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Using recursion to compute the inverse of the genomic relationship matrix

**Abstract Text:**

A traditional algorithm to invert the numerator relationship matrix is based on the observation that the conditional expectation for an additive effect of one animal given the effects of all other animals depends on the effects of its sire and dam only, each with a coefficient of 0.5. With genomic relationships, such an expectation depends on all other genotyped animals, and the coefficients do not have any set value. For each animal, the coefficients plus the conditional variance can be called a genomic recursion. If such recursions are known, the mixed model equations can be solved without explicitly creating the inverse of the genomic relationship matrix. Several algorithms were developed to create genomic recursions. In an algorithm with sequential updates, genomic recursions are created animal by animal. That algorithm can also be used to update a known inverse of a genomic relationship matrix for additional genotypes. In an algorithm with forward updates, a newly computed recursion is immediately applied to update recursions for remaining animals. The computing costs for both algorithms depend on the sparsity pattern of the genomic recursions. An algorithm for proven and young animals assumes that the genomic recursions for young animals contain coefficients only for proven animals. Such an algorithm generates exact genomic EBV in GBLUP and is an approximation in single-step GBLUP. That algorithm has a cubic cost for the number of proven animals and a linear cost for the number of young animals. All algorithms were evaluated with a simulated data set of 1500 genotypes and ssGBLUP. In the algorithm with sequential updates, setting very small elements in recursions to zero resulted in little sparsity. Setting larger elements to zero caused large errors in G^{-1} due to accumulation of errors. However, this algorithm worked very well for inv(A_{22}), especially when the pedigree depth was limited. When complete recursions were computed and small elements were set to 0, the accuracy of and GEBV’s was almost unaffected but the sparsity level was moderate. The sparsity level increased to > 60% when G was blended with 20% of . In all computations involving the algorithm for proven and young animals, the correlations of GEBV with those using the regular algorithm were > 0.99. The genomic recursions can provide new insight into genomic evaluation and possibly reduce costs of genetic predictions with extremely large numbers of genotypes.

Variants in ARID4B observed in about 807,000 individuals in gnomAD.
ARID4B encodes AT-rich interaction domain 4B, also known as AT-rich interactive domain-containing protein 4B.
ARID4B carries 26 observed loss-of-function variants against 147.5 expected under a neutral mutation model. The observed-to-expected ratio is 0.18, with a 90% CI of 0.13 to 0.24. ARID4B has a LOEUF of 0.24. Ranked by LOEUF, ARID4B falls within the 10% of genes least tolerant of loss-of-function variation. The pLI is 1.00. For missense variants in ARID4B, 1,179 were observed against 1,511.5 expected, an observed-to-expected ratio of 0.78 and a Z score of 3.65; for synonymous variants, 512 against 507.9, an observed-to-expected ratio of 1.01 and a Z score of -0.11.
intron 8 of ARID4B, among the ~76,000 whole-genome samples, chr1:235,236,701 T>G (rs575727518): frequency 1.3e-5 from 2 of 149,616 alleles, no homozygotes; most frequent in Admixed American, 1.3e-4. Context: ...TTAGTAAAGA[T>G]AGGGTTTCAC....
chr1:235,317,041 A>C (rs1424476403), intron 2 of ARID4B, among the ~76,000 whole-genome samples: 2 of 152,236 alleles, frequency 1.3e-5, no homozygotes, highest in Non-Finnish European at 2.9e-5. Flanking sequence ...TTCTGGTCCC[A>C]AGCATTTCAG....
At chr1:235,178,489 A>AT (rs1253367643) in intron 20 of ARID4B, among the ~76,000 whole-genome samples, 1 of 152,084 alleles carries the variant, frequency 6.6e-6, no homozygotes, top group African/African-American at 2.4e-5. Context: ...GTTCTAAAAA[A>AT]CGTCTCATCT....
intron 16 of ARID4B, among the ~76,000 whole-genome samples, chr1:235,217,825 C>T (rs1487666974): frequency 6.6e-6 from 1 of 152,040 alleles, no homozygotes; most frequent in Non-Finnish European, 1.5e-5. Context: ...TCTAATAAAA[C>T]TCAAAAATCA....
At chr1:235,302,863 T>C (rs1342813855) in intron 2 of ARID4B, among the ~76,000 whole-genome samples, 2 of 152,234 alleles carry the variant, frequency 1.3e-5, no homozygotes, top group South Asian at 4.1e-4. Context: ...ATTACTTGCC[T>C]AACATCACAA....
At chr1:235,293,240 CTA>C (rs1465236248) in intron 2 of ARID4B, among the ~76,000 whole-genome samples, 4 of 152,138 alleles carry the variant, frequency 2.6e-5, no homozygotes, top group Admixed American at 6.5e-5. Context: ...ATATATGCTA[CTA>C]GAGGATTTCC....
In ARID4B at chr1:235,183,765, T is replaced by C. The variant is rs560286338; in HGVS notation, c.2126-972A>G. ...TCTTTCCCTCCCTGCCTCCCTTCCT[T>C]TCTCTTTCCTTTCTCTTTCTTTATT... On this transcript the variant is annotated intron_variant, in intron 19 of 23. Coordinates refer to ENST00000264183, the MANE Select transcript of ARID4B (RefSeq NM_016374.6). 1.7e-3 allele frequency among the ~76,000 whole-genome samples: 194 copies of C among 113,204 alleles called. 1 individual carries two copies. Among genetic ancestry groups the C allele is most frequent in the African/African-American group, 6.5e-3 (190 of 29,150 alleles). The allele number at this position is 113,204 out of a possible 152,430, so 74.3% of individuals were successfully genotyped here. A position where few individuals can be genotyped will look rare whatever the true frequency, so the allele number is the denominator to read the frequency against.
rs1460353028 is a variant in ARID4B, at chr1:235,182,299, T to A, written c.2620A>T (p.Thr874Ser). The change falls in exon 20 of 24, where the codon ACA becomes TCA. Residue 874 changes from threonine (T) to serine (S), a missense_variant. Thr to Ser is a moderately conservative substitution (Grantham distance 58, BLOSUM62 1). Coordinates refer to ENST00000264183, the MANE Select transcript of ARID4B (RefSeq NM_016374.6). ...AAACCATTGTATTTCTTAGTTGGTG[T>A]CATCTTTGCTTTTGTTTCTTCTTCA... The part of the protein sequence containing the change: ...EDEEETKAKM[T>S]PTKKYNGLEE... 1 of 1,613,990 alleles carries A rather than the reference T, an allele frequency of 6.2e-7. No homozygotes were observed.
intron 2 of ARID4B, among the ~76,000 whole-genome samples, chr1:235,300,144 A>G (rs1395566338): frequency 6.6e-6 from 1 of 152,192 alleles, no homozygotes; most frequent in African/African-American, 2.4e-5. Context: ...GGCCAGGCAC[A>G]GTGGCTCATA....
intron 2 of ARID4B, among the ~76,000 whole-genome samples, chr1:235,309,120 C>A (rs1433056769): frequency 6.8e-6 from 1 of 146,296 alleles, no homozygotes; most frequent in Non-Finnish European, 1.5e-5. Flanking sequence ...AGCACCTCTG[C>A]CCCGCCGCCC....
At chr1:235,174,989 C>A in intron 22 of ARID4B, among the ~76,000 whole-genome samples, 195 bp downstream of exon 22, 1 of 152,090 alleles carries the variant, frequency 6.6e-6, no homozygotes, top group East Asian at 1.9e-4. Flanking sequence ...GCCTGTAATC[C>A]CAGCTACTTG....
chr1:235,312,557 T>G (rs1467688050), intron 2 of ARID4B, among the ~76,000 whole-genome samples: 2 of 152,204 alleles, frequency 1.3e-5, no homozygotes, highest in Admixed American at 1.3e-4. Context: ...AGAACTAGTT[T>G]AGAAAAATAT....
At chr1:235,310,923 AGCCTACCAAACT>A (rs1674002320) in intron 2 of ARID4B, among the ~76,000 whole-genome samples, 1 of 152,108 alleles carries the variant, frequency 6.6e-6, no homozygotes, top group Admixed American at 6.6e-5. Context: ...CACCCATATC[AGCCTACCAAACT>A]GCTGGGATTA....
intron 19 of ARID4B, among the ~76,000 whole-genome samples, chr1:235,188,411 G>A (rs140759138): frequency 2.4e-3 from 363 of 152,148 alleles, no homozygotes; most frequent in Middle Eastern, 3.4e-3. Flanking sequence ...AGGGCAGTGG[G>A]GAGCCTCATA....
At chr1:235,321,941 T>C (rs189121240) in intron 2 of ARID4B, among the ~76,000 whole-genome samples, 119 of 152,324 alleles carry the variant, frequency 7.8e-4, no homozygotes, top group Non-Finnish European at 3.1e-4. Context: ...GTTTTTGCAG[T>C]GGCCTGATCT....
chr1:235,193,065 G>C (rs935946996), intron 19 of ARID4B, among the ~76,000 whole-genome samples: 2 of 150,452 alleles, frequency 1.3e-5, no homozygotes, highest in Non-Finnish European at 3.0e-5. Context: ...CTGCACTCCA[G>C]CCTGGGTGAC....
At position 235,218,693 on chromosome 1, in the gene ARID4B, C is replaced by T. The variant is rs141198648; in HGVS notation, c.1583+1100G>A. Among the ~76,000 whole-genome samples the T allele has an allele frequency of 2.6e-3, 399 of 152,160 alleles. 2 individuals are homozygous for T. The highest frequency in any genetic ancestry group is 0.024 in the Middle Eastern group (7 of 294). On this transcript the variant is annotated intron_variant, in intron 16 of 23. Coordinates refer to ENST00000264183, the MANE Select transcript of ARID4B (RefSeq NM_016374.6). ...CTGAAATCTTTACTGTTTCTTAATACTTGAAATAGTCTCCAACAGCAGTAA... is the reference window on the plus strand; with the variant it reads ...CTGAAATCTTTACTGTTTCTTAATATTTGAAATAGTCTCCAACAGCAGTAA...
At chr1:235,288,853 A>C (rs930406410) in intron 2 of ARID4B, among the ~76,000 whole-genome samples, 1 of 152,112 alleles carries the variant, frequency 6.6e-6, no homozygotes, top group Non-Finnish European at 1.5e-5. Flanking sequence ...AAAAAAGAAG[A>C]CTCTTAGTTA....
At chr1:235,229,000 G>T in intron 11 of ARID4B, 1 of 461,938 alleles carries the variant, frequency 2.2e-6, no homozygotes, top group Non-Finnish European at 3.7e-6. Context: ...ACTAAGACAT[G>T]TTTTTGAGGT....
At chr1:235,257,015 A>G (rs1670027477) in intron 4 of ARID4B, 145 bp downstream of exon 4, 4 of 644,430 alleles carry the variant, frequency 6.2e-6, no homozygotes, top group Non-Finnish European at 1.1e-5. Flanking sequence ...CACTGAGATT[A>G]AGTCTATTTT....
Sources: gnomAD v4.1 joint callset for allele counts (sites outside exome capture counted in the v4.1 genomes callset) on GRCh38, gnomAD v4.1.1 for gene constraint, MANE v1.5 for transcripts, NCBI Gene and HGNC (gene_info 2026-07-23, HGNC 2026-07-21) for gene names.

**Keywords: ** Genomic selection, single-step GBLUP, efficiency